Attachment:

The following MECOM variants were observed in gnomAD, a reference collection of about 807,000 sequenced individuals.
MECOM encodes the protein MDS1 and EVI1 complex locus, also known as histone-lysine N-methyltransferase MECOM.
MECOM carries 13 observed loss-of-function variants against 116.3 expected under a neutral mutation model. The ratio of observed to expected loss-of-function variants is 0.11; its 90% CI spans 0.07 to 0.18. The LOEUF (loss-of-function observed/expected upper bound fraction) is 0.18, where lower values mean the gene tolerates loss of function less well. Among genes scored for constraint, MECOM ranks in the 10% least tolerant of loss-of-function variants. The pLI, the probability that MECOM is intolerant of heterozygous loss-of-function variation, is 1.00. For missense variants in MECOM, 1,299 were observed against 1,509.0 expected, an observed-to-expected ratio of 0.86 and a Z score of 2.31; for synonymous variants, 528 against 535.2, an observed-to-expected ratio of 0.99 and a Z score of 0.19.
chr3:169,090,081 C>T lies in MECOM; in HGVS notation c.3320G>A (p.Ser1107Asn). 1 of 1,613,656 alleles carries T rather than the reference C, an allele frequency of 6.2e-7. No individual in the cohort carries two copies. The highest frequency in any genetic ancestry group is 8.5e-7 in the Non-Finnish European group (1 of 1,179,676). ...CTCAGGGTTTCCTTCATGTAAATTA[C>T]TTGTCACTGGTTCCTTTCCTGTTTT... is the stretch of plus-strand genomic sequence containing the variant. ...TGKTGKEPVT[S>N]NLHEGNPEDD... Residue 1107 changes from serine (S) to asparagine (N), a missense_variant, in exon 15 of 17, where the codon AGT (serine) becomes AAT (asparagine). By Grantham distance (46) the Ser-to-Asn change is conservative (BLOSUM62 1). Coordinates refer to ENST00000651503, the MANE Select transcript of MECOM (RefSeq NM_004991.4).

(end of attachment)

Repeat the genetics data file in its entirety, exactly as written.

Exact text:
The following MECOM variants were observed in gnomAD, a reference collection of about 807,000 sequenced individuals.
MECOM encodes the protein MDS1 and EVI1 complex locus, also known as histone-lysine N-methyltransferase MECOM.
MECOM carries 13 observed loss-of-function variants against 116.3 expected under a neutral mutation model. The ratio of observed to expected loss-of-function variants is 0.11; its 90% CI spans 0.07 to 0.18. The LOEUF (loss-of-function observed/expected upper bound fraction) is 0.18, where lower values mean the gene tolerates loss of function less well. Among genes scored for constraint, MECOM ranks in the 10% least tolerant of loss-of-function variants. The pLI, the probability that MECOM is intolerant of heterozygous loss-of-function variation, is 1.00. For missense variants in MECOM, 1,299 were observed against 1,509.0 expected, an observed-to-expected ratio of 0.86 and a Z score of 2.31; for synonymous variants, 528 against 535.2, an observed-to-expected ratio of 0.99 and a Z score of 0.19.
chr3:169,090,081 C>T lies in MECOM; in HGVS notation c.3320G>A (p.Ser1107Asn). 1 of 1,613,656 alleles carries T rather than the reference C, an allele frequency of 6.2e-7. No individual in the cohort carries two copies. The highest frequency in any genetic ancestry group is 8.5e-7 in the Non-Finnish European group (1 of 1,179,676). ...CTCAGGGTTTCCTTCATGTAAATTA[C>T]TTGTCACTGGTTCCTTTCCTGTTTT... is the stretch of plus-strand genomic sequence containing the variant. ...TGKTGKEPVT[S>N]NLHEGNPEDD... Residue 1107 changes from serine (S) to asparagine (N), a missense_variant, in exon 15 of 17, where the codon AGT (serine) becomes AAT (asparagine). By Grantham distance (46) the Ser-to-Asn change is conservative (BLOSUM62 1). Coordinates refer to ENST00000651503, the MANE Select transcript of MECOM (RefSeq NM_004991.4).